Just hearing the word makes me happy. I’m six years old again, sitting at the kitchen counter in my red polka dot pajamas, while my mom adds eggs, milk, and a little vegetable oil to some Bisquick.
I wait for the sizzle of slightly lumpy batter on the hot griddle, the little bubbles forming on top, and that great swish-hiss when she finally flips them. Then it’s gobs of butter and a river of syrup on those steamy, golden beauties. Mmmmm!
Since the only thing better than eating pancakes is reading about them, I was excited when I learned that Princeton Architectural Press had recently published an updated edition of The Pancake King by Phyllis La Farge and Seymour Chwast.
All of us here in the Alphabet Soup kitchen were thrilled when Nadiya Hussain won Season 3 of The Great British Baking Show (‘Great British Bake Off’ in the UK).
We loved her unusual flavor combinations and beautiful presentations, and it was awesome seeing how her confidence grew each week as she tackled all those signature bakes, technical challenges and show stoppers.
Most agree that she also captivated audiences with her telling facial expressions. Her flexible eyebrows sometimes told the whole story: determination, panic, joy, disappointment, fear, frustration. It was such an emotional moment when she was declared winner and said, “”I’m never gonna put boundaries on myself ever again. I’m never gonna say I can’t do it. I’m never gonna say ‘maybe’. I’m never gonna say, ‘I don’t think I can.’ I can and I will.”
This 31-year-old Leeds wife and mother of three has been very busy since her big win last year. In September 2016, she published Nadiya’s Bake Me a Story, a charming collection of 15 updated fairy tales + recipes for children, and her adult cookbook featuring family recipes, Nadiya’s Kitchen, will come out in 2017.
Hello Friends. Can’t believe it’s already the end of October!
Fall is going much too fast for me. I wish there was a way to make it last longer — trees aflame with color, deep blue skies, crisp mornings, apple everything and friendly pumpkins! If I had my way, I would skip summer entirely and have two autumns in a row.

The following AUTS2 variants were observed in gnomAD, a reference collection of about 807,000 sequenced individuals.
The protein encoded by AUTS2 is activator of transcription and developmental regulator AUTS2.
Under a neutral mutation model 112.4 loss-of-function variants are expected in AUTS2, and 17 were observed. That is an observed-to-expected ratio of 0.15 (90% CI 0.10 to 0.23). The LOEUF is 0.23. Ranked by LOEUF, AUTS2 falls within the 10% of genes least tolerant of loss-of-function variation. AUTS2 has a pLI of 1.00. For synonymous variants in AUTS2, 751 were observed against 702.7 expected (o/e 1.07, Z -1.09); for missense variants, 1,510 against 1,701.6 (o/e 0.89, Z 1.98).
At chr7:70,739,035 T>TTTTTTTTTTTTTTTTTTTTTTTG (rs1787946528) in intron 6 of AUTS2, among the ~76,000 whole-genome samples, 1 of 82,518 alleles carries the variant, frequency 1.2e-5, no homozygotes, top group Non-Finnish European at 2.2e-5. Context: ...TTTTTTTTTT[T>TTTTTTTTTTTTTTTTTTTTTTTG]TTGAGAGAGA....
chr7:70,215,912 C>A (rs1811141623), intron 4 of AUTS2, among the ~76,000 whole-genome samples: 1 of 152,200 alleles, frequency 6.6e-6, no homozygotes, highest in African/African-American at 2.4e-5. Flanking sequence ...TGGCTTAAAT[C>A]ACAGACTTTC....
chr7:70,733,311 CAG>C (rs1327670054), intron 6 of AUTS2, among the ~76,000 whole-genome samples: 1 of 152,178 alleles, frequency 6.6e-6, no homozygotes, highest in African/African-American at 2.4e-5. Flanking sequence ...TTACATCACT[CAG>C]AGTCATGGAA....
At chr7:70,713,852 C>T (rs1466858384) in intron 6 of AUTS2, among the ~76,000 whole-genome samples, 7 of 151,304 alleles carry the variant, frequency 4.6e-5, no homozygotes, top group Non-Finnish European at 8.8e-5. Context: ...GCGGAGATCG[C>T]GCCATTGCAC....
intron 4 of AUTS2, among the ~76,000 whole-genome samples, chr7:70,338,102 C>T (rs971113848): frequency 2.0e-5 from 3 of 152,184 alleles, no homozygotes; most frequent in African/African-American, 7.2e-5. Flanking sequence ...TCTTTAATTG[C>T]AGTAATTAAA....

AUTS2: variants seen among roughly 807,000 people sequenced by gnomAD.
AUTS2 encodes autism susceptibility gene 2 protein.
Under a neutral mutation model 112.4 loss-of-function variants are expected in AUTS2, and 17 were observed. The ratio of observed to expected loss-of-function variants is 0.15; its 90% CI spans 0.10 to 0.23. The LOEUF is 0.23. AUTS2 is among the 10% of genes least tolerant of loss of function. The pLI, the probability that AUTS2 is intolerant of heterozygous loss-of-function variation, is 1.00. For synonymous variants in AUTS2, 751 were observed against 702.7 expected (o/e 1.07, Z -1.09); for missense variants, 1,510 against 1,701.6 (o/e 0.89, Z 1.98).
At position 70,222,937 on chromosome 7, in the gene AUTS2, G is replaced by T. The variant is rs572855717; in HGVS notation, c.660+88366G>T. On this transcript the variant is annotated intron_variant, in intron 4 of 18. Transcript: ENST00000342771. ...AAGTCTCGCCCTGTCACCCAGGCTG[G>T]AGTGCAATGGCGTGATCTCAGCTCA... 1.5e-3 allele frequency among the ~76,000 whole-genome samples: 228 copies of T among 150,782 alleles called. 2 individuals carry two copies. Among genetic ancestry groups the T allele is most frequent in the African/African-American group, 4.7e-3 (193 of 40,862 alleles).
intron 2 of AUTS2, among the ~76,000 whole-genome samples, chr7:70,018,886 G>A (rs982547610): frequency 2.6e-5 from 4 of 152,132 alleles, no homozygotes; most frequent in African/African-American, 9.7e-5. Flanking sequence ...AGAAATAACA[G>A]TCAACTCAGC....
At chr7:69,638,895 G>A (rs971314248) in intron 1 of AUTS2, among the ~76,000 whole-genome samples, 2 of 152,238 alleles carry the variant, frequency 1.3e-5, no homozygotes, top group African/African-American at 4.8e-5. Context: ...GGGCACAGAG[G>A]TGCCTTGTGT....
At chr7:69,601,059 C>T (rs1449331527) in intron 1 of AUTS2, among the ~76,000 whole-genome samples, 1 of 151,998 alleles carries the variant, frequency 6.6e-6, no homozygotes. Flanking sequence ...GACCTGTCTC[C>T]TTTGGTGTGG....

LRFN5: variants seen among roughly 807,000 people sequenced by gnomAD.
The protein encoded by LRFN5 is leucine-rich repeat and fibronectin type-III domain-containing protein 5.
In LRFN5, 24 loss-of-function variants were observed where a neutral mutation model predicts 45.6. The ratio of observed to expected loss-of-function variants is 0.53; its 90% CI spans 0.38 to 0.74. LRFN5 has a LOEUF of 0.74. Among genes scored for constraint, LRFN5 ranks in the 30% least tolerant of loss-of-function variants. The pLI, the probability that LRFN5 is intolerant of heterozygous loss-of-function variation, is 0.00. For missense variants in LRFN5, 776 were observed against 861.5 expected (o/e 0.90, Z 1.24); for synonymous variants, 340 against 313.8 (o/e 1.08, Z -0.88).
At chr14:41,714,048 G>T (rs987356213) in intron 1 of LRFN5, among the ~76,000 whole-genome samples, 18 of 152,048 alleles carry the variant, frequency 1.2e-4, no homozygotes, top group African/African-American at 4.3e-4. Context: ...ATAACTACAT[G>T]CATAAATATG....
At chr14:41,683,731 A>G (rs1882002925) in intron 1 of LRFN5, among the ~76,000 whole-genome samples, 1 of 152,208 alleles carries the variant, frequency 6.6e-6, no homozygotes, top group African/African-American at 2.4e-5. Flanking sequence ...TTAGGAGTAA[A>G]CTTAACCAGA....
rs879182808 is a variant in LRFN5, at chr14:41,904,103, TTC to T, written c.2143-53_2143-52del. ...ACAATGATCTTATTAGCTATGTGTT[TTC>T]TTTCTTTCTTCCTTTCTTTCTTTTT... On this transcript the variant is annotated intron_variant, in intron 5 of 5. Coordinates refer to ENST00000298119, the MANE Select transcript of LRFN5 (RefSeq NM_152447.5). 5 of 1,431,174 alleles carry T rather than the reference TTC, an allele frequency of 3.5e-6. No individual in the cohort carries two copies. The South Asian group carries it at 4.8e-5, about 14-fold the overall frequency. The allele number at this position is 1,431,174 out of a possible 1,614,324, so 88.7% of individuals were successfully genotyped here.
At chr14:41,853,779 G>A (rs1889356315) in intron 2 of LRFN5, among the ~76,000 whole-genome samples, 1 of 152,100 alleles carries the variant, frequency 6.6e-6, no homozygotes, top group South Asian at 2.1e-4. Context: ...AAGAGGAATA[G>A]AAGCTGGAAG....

More than any other season, Fall reminds me to make the most of each moment. Lovely though it may be, there’s always this sense of reckoning, the gathering in and taking stock, and with that an acute awareness of life’s evanescence.
AUTUMN by Linda Pastan
I want to mention
without meaning the death
of somebody loved
or even the death
of the trees.
Today in the market
I heard a mother say
Look at the pumpkins,
it’s finally autumn!
And the child didn’t think
of the death of her mother
which is due before her own
but tasted the sound
of the words on her clumsy tongue:
Let the eye enlarge
with all it beholds.
I want to celebrate
color, how one red leaf
flickers like a match
held to a dry branch,
and the whole world goes up
in orange and gold.
Little Miss Muffet
Sat on a tuffet,
Eating her curds and whey;
Along came a spider,
Who sat down beside her,
And frightened Miss Muffet away.
Well, no. Not exactly.
There’s more to this story than meets the eye.
🎻ACT ONE, or The Real Story 🎻
It seems nursery rhymers of yore mistook our dear Miss Muffet for a dainty scaredy-cat milquetoast without really considering:
her true potential
some spiders are undeniably cool
the inherent power of cottage cheese.
Now, thanks to Marilyn Singer and David Litchfield, Miss Patience Muffetfinally gets her props in a hilarious new picture book, Miss Muffet, or What Came After (Clarion, 2016), proving, once and for all, that where there’s a will there’s a whey. 🙂
Told in sprightly verse as a rousing musical theatre production, the book features a fetching cast that includes an off-stage narrator, a chorus of three (gardener + 2 maids), Webster the spider, and nursery characters Little Bo-Peep and Old King Cole, among others. These clever players had me from their opening lines.
Her given name was Patience.
Her schoolmates called her Pat.
In the garden on a stool
is where one day she sat.
What do we know about her?
Just this much, if you please:
She didn’t care for spiders,
but she did love cottage cheese.
Cottage cheese, cottage cheese, she eats it every day. Cottage, cottage, cottage cheese, she calls it curds and whey.
In December or in June, in a bowl, with a spoon. Cottage cheese, cottage cheese. Very tasty (slightly pasty), or so we’ve heard her say!
We soon learn that much to her parents’ dismay (her mother yearns for a perfect little miss and her father wishes she’d share his passion for bugs), Pat has a mind of her own.
Lesléa: I was on a self-imposed week-long writing retreat, between projects, not knowing what on earth to write about. When in doubt, I always turn to poetry and when in double doubt, I frequently turn to form.
“Ode to Chocolate” is a variation on the ghazal, one of my favorite forms. The ghazal originated in Persia, and literally means “the talk of boys and girls” or sweet talk. I took the notion of “sweet talk” literally and decided to write a love poem to one of my great loves — chocolate! The form of the ghazal uses internal rhyme and a refrain at the end of the second line of each couplet. It does not tell a story like a narrative poem, but is unified by theme.